Chefs seem to do a peculiar thing when they make food. They don’t usually taste it. They smell it. Of course, it is obvious why they do it. People don’t want to eat food that has been tasted by somebody else. And the major reason is also that the aroma of your dish gives you an idea of it’s taste. But we always take the latter fact for granted. No one ever asks, how does smell give us an idea of how the dish tastes?
Our tongue has taste receptors. When food mixed with saliva comes in contact with these receptors, we get the sensation of taste. Our olfactory (smell) receptors work in a similar way. The only difference is that these receptors in our noses can detect small particles diffused in the air. So our sense of smell proves to be an adequate replacement for our sense of taste.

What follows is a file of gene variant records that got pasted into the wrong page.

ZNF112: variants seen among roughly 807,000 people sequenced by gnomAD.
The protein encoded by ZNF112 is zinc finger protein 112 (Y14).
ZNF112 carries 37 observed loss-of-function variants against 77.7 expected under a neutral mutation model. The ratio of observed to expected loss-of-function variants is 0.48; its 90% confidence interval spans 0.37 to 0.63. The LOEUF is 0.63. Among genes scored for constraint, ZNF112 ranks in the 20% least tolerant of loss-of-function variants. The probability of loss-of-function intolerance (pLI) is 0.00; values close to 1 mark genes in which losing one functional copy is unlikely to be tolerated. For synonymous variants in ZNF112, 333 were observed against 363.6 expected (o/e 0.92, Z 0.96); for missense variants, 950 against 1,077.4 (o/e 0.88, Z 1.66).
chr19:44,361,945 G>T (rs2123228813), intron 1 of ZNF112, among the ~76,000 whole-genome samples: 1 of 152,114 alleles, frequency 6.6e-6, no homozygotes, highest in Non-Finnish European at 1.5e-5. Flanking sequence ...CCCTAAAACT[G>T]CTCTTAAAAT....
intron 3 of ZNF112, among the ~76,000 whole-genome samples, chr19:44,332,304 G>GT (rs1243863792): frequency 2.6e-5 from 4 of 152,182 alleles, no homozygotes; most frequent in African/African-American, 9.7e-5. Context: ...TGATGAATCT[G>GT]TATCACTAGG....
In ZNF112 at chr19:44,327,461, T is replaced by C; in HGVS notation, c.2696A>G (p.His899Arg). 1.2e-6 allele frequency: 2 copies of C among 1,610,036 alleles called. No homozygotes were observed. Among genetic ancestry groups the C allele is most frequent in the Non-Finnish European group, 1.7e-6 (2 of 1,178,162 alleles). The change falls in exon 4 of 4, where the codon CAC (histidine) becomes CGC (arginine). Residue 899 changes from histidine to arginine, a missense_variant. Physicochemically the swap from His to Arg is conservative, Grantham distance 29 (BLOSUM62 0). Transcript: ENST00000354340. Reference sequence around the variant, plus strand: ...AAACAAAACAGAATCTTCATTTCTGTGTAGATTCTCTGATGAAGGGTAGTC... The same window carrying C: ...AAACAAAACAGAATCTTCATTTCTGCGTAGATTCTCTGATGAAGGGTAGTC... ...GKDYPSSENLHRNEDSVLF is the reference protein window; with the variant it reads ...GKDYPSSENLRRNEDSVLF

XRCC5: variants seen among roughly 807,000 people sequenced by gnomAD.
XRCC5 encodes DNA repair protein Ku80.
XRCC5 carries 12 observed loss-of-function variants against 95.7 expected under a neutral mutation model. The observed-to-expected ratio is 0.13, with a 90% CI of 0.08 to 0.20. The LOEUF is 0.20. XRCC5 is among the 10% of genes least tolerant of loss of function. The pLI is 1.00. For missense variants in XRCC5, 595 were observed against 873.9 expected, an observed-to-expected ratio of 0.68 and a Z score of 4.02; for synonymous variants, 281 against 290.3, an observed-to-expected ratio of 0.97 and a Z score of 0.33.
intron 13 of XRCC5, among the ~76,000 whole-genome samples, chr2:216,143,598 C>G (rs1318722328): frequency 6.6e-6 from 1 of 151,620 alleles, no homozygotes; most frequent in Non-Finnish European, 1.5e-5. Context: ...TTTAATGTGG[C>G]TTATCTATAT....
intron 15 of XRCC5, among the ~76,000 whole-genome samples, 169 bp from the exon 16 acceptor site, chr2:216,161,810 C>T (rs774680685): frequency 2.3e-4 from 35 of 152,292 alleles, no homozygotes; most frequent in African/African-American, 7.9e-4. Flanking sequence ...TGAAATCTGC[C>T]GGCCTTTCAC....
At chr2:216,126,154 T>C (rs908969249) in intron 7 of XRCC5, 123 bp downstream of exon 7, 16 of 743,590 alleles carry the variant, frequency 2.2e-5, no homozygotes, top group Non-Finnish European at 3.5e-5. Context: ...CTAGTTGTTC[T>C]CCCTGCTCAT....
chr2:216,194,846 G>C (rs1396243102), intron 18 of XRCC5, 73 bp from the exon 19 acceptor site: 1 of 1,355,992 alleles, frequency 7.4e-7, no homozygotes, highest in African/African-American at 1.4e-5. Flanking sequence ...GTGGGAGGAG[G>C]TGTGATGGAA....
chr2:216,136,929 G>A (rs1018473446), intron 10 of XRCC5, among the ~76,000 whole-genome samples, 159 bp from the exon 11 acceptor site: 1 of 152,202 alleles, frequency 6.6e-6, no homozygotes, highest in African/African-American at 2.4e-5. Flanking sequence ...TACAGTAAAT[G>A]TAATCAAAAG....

To demonstrate this effect – try and smell boiling milk. Then try the same with milk that has sugar added. You’ll notice a difference in smells of the two. It is this difference in smells that chefs use to detect the taste of their dish without actually tasting it.